Biden's Student Loan Forgiveness: You Can Opt Out if You Want To

Following a student loan debt relief lawsuit, the Department of Education says that borrowers can opt out of President Biden’s student loan forgiveness plan.

Yes and no written on black chalkboard
(Image credit: Getty Images)

Legal challenges are mounting against President Biden’s student loan forgiveness plan to offer up to $10,000 of student loan debt relief for eligible borrowers, and up to $20,000 in student loan forgiveness for Pell Grant recipients. The first student loan debt relief lawsuit was recently filed by the Pacific Legal Foundation, a libertarian group in California.

That organization argues that student loan borrowers in states that could or will tax forgiven student loan debt would be worse off than other borrowers, because of Biden’s student loan forgiveness. However, the Department of Justice says that federal student loan forgiveness doesn’t create an “automatic” tax penalty because borrowers aren’t required to have their student loans forgiven.

Why does this matter? Well, the Pacific Legal Foundation’s challenge raises important questions concerning states that will or might tax forgiven student loan debt (you might live in one of them), and whether you have to accept student loan debt forgiveness.

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Did You Know You Can Decline Student Loan Forgiveness?

The lead plaintiff in the student loan debt relief case is a Pacific Legal Foundation attorney, Frank Garrison. Garrison argued that an Indiana state tax on forgiven student loan debt would amount to immediate tax liability and an unfair penalty. As an Indiana taxpayer, he asked the court to invalidate President Biden’s student loan debt cancellation program and pointed to at least six other states where, Garrison said, borrowers could be similarly harmed.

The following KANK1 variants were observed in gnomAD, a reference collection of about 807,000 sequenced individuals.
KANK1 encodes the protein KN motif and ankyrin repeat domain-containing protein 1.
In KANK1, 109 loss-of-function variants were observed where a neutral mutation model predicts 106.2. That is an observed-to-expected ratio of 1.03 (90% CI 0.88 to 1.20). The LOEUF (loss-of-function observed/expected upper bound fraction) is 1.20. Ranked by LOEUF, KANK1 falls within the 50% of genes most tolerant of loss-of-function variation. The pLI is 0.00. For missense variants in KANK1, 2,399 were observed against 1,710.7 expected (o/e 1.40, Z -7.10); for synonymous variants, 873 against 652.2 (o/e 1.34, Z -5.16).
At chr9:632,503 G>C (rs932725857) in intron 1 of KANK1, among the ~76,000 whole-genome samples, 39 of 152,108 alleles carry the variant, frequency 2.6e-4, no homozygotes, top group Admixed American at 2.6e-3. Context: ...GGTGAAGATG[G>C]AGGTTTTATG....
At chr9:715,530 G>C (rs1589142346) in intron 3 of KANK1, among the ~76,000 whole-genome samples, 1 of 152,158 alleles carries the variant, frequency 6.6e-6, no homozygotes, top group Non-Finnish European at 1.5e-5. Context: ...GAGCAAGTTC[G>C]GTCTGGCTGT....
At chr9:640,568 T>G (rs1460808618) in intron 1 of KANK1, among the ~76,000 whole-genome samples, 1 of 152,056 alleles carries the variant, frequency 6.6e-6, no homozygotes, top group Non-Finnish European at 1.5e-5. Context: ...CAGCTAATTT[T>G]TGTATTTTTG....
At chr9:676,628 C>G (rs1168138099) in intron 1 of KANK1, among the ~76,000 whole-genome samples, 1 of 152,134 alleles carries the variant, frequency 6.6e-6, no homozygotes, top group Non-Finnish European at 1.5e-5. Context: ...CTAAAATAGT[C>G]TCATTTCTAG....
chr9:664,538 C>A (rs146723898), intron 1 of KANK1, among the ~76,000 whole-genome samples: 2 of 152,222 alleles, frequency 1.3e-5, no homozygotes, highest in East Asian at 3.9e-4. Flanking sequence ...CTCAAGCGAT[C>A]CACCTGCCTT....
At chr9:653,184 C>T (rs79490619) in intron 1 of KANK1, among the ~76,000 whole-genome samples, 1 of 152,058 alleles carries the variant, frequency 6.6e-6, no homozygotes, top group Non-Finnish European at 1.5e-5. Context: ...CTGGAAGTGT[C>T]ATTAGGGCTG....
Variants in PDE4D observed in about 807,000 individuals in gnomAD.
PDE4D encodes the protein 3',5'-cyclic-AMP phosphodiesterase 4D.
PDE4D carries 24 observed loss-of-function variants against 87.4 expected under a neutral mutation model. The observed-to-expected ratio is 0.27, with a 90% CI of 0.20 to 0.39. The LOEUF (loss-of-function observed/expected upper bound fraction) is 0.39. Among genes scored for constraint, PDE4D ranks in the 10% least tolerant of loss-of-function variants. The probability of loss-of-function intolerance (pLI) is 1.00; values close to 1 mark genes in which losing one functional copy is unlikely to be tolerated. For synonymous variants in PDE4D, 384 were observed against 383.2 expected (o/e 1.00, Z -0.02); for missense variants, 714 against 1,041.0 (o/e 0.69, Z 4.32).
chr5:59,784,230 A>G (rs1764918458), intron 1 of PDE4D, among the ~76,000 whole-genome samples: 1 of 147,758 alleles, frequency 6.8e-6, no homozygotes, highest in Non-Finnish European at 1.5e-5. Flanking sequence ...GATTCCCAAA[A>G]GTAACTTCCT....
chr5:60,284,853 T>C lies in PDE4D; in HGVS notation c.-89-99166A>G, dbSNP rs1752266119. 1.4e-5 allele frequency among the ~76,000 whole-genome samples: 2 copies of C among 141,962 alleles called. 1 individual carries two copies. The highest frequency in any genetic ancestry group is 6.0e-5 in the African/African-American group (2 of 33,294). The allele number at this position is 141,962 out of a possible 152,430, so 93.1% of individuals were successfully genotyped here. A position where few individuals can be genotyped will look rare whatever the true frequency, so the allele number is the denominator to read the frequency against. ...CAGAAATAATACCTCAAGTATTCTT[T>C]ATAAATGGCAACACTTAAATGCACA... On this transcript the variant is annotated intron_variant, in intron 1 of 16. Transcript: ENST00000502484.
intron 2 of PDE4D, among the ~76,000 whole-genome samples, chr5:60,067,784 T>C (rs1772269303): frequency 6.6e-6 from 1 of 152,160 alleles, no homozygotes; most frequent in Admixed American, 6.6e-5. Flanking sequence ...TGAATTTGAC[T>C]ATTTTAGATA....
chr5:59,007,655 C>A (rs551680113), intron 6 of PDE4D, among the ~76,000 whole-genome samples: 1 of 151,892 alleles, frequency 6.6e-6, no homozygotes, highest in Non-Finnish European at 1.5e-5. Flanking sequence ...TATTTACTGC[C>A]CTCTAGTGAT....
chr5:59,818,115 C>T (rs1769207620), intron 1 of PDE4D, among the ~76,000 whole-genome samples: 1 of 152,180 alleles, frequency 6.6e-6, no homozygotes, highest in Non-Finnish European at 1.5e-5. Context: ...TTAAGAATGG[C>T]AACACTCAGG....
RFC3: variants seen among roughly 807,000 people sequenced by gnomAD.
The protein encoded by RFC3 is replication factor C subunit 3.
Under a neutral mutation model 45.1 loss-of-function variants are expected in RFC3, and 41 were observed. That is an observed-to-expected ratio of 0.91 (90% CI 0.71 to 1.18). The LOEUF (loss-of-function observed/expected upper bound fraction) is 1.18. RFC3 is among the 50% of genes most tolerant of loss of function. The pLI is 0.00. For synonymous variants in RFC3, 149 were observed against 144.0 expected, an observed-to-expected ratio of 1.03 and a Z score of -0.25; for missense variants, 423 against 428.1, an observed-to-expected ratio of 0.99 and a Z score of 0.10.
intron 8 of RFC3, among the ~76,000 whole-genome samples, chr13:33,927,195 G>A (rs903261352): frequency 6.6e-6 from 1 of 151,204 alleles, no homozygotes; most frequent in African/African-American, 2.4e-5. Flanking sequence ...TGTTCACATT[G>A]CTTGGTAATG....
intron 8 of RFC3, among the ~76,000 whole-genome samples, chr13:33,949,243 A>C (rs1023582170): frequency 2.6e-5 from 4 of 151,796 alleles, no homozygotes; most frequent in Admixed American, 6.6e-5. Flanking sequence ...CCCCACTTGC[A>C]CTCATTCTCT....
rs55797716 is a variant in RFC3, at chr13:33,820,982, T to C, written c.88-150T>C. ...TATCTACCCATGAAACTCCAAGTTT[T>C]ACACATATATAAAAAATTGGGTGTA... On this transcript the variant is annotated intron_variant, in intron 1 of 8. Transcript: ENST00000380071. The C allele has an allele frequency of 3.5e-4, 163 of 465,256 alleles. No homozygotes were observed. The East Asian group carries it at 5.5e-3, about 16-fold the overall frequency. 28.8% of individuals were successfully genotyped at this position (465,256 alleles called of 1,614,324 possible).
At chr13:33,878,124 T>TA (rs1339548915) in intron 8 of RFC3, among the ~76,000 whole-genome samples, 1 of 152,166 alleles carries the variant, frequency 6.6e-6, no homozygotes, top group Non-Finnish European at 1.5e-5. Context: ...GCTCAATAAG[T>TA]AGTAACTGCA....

The federal government responded to the lawsuit by saying that borrowers, who are eligible for so called “automatic” debt relief, can opt out of Biden’s student loan forgiveness plan, and avoid paying state taxes on the cancelled debt. In other words, you can keep you student loan debt—if you want to.

As a result of the opt-out, a federal judge recently denied Pacific Legal Foundation’s motion to block President Biden’s student loan forgiveness and dismissed the organization's claim.

But this case means that going forward, it could be difficult for a borrower to claim that state tax has been unfairly or automatically imposed merely because of Biden’s student loan relief. The student loan forgiveness opt out basically allows the federal government to say that the borrower chooses whether to have forgiven student loan debt in the first place. That would make any tax “penalty” a state issue.

Another challenge with this case is that the lead plaintiff, Garrison, hasn’t yet paid any state tax on forgiven student loan debt. So, it was unclear whether there’s sufficient legal harm to justify stopping President Biden’s student loan forgiveness program. However, that could potentially change once student loans are forgiven and some states impose tax liability on the cancelled debt.